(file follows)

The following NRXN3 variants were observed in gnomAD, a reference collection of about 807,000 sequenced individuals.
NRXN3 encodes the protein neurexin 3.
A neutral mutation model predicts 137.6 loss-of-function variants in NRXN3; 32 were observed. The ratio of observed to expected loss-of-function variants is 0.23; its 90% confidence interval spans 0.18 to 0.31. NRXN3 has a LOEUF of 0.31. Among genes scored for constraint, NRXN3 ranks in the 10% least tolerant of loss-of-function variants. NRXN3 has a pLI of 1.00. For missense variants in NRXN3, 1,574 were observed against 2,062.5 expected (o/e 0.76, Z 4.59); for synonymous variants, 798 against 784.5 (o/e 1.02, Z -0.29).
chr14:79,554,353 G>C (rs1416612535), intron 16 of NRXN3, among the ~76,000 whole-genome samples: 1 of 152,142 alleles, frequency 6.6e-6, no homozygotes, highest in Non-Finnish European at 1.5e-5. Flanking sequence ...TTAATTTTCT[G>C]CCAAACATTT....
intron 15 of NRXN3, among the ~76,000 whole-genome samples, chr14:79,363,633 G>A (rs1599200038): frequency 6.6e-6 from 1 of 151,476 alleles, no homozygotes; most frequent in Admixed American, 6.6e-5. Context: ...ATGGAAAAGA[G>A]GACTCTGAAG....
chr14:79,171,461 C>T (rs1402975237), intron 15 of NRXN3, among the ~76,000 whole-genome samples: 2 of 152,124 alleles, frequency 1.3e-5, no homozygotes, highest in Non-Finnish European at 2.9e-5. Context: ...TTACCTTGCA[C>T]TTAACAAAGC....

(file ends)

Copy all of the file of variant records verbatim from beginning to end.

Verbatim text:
The following NRXN3 variants were observed in gnomAD, a reference collection of about 807,000 sequenced individuals.
NRXN3 encodes the protein neurexin 3.
A neutral mutation model predicts 137.6 loss-of-function variants in NRXN3; 32 were observed. The ratio of observed to expected loss-of-function variants is 0.23; its 90% confidence interval spans 0.18 to 0.31. NRXN3 has a LOEUF of 0.31. Among genes scored for constraint, NRXN3 ranks in the 10% least tolerant of loss-of-function variants. NRXN3 has a pLI of 1.00. For missense variants in NRXN3, 1,574 were observed against 2,062.5 expected (o/e 0.76, Z 4.59); for synonymous variants, 798 against 784.5 (o/e 1.02, Z -0.29).
chr14:79,554,353 G>C (rs1416612535), intron 16 of NRXN3, among the ~76,000 whole-genome samples: 1 of 152,142 alleles, frequency 6.6e-6, no homozygotes, highest in Non-Finnish European at 1.5e-5. Flanking sequence ...TTAATTTTCT[G>C]CCAAACATTT....
intron 15 of NRXN3, among the ~76,000 whole-genome samples, chr14:79,363,633 G>A (rs1599200038): frequency 6.6e-6 from 1 of 151,476 alleles, no homozygotes; most frequent in Admixed American, 6.6e-5. Context: ...ATGGAAAAGA[G>A]GACTCTGAAG....
chr14:79,171,461 C>T (rs1402975237), intron 15 of NRXN3, among the ~76,000 whole-genome samples: 2 of 152,124 alleles, frequency 1.3e-5, no homozygotes, highest in Non-Finnish European at 2.9e-5. Context: ...TTACCTTGCA[C>T]TTAACAAAGC....